Roasted Aubergine with Chinese-style Pork

Roasted Aubergine with Chinese-style Pork

We all love a takeaway, but concerns over quality of the ingredients, the calorie count and not to mention the cost, can always put us off one of the nations favourite indulgences.

But we’ve got the answer – better than takeaway meals – that can deliver the same (and better) indulgence at a fraction of the price and with quality ingredients you know you can trust.


6 Medium Aubergines (about 500g/1lb), tops trimmed, halved lengthwise

1/4 cup canola oil

Salt and freshly ground black pepper

1 pound ground pork

1 bunch spring onions, thinly sliced, white and green parts separated

6 cloves garlic, minced

One 2-inch root ginger, peeled and finely grated

2 to 4 tablespoons chilli-garlic sauce or sambal oelek

1/4 cup soy sauce

1/4 cup balsamic vinegar

Steamed white rice, warm, for serving.

Cooking Instructions:

First, set a rack on the middle shelf of your oven and preheat it to 425 degrees F.

Score each Aubergine 6 to 8 times using a sharp knife, then place them on a baking sheet and toss with 2 tablespoons canola oil, and season with salt and pepper.

Place the Aubergine cut-side down and bake until they start to soften and begin to brown, this should take about 15 minutes.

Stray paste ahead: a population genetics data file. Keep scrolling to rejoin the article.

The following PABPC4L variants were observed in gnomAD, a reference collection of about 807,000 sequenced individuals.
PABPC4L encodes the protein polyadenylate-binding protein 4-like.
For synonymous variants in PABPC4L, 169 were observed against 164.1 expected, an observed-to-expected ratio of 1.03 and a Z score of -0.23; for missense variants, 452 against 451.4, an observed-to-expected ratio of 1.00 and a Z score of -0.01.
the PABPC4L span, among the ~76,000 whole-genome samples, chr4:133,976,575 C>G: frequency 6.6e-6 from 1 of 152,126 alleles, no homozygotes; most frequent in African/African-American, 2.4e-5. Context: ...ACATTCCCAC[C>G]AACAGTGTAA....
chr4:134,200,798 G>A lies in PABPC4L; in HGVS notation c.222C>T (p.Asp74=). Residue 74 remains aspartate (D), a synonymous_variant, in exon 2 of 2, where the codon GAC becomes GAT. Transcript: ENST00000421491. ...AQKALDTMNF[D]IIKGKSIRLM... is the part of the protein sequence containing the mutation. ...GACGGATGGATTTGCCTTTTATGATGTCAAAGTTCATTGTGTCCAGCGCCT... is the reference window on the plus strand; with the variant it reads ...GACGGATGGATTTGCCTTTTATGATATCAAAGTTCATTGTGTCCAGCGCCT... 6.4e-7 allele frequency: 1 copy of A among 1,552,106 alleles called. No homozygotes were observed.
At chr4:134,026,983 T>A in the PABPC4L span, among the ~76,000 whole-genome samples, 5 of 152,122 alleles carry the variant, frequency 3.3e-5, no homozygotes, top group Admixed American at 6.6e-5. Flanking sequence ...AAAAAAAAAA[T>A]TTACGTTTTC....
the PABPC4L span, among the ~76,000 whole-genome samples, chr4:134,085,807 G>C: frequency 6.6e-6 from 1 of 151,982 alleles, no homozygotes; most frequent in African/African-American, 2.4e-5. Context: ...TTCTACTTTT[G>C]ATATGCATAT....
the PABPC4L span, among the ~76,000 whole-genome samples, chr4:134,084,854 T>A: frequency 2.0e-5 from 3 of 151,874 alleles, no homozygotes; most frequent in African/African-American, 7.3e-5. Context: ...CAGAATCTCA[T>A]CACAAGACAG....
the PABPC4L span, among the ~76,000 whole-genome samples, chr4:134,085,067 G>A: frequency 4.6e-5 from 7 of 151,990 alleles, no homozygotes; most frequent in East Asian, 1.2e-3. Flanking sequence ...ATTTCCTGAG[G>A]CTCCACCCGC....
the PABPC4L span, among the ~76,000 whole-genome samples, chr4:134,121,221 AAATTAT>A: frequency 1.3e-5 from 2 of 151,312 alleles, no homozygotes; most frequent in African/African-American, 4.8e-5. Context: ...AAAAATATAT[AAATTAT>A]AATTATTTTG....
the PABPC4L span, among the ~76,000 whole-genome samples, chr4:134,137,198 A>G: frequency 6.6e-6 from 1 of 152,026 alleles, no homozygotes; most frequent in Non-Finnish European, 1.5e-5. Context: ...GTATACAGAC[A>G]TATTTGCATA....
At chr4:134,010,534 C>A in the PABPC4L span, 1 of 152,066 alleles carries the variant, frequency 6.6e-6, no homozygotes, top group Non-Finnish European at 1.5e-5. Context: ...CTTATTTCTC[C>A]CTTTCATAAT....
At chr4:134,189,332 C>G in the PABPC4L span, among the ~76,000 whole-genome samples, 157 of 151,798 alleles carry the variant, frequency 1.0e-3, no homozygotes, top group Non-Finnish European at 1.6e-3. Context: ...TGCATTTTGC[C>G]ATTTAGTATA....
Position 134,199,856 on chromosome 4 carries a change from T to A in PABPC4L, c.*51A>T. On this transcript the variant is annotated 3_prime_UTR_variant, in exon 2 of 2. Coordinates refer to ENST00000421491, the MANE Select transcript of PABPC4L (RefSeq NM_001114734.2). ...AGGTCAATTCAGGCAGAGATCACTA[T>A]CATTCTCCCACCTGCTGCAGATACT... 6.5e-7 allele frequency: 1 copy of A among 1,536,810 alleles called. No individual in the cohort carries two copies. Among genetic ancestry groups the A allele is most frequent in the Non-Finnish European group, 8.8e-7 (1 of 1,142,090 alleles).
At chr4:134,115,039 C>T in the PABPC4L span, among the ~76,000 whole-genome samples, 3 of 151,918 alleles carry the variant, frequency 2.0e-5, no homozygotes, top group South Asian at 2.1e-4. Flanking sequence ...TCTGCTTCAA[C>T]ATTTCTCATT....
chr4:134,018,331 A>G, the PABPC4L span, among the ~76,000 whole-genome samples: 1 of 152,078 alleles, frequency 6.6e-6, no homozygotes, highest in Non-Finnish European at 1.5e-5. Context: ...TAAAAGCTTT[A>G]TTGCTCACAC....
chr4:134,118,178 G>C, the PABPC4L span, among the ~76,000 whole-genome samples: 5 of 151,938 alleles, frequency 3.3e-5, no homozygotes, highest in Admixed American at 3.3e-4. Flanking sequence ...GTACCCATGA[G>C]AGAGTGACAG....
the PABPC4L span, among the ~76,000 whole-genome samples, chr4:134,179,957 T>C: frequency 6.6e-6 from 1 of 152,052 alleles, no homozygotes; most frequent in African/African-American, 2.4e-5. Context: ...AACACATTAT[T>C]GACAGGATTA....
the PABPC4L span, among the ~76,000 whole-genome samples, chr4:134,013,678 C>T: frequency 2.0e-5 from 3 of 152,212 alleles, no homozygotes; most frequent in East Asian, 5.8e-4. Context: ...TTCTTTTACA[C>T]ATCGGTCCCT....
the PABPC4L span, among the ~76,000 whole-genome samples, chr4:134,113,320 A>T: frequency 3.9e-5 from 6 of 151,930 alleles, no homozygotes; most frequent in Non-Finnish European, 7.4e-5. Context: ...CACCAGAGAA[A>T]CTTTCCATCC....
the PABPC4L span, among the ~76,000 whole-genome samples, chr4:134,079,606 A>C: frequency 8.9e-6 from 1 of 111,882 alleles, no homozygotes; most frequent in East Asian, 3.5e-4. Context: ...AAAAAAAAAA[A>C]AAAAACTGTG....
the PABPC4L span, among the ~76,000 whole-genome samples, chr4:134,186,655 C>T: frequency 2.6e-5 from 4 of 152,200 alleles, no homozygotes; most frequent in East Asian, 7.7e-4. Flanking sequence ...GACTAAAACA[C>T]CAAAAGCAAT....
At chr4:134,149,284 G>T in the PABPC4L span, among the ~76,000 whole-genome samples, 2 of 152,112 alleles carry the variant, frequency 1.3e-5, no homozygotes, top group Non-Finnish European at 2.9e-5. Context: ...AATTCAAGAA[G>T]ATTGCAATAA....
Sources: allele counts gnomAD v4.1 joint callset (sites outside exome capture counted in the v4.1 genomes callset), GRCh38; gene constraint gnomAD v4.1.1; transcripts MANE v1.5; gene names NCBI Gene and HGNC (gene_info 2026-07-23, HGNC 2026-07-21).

Next, flip the Aubergine and bake for 15 more minutes until the other side has completely softened and changed into a golden-brown colour.

While the Aubergine is baking, start to prepare the pork by heating the remaining oil in a large pan over medium-high heat.

Add the pork with 1/4 teaspoon salt, and cook until the meat is lightly brown and no longer pink, about 5 minutes should do the trick.

Add the white part of the spring onion, plus the garlic and ginger, and cook for 2 minutes, stirring constantly.

Stir in the chilli-garlic sauce, soy sauce, vinegar, 1/2 cup water and half of the spring onion greens.

Simmer over medium-low heat for 10 minutes.

 Spoon the pork over the Aubergine and garnish with the remaining spring onion greens.

Serve over white rice.


Credit: Nikhita Mahtani

Image credit

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